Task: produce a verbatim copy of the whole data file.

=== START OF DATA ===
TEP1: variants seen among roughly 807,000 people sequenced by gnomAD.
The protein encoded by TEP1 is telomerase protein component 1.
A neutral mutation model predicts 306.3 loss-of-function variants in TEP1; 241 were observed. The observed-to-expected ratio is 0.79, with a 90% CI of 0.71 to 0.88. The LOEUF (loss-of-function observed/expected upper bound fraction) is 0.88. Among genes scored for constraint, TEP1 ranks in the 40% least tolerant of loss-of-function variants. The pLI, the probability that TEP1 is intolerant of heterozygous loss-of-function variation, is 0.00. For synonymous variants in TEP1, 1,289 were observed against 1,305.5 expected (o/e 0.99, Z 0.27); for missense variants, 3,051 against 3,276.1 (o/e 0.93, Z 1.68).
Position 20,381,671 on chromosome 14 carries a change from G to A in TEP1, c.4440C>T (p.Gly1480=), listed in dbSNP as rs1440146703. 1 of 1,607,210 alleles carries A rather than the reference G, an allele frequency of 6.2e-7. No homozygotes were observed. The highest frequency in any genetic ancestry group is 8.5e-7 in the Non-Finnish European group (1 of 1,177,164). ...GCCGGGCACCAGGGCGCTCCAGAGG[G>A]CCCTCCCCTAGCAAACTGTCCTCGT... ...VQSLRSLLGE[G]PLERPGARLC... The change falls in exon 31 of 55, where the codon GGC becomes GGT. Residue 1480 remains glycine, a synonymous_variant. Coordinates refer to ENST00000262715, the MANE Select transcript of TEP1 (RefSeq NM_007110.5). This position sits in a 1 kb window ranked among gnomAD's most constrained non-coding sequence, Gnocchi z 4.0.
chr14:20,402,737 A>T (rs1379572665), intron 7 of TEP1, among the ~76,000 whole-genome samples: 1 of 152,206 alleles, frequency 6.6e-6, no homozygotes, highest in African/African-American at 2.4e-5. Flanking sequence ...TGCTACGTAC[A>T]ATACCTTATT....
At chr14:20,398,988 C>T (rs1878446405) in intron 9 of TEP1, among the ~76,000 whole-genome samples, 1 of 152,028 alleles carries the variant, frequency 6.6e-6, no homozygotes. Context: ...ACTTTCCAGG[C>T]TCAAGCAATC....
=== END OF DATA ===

TEP1: variants seen among roughly 807,000 people sequenced by gnomAD.
The protein encoded by TEP1 is telomerase protein component 1.
A neutral mutation model predicts 306.3 loss-of-function variants in TEP1; 241 were observed. The observed-to-expected ratio is 0.79, with a 90% CI of 0.71 to 0.88. The LOEUF (loss-of-function observed/expected upper bound fraction) is 0.88. Among genes scored for constraint, TEP1 ranks in the 40% least tolerant of loss-of-function variants. The pLI, the probability that TEP1 is intolerant of heterozygous loss-of-function variation, is 0.00. For synonymous variants in TEP1, 1,289 were observed against 1,305.5 expected (o/e 0.99, Z 0.27); for missense variants, 3,051 against 3,276.1 (o/e 0.93, Z 1.68).
Position 20,381,671 on chromosome 14 carries a change from G to A in TEP1, c.4440C>T (p.Gly1480=), listed in dbSNP as rs1440146703. 1 of 1,607,210 alleles carries A rather than the reference G, an allele frequency of 6.2e-7. No homozygotes were observed. The highest frequency in any genetic ancestry group is 8.5e-7 in the Non-Finnish European group (1 of 1,177,164). ...GCCGGGCACCAGGGCGCTCCAGAGG[G>A]CCCTCCCCTAGCAAACTGTCCTCGT... ...VQSLRSLLGE[G]PLERPGARLC... The change falls in exon 31 of 55, where the codon GGC becomes GGT. Residue 1480 remains glycine, a synonymous_variant. Coordinates refer to ENST00000262715, the MANE Select transcript of TEP1 (RefSeq NM_007110.5). This position sits in a 1 kb window ranked among gnomAD's most constrained non-coding sequence, Gnocchi z 4.0.
chr14:20,402,737 A>T (rs1379572665), intron 7 of TEP1, among the ~76,000 whole-genome samples: 1 of 152,206 alleles, frequency 6.6e-6, no homozygotes, highest in African/African-American at 2.4e-5. Flanking sequence ...TGCTACGTAC[A>T]ATACCTTATT....
At chr14:20,398,988 C>T (rs1878446405) in intron 9 of TEP1, among the ~76,000 whole-genome samples, 1 of 152,028 alleles carries the variant, frequency 6.6e-6, no homozygotes. Context: ...ACTTTCCAGG[C>T]TCAAGCAATC....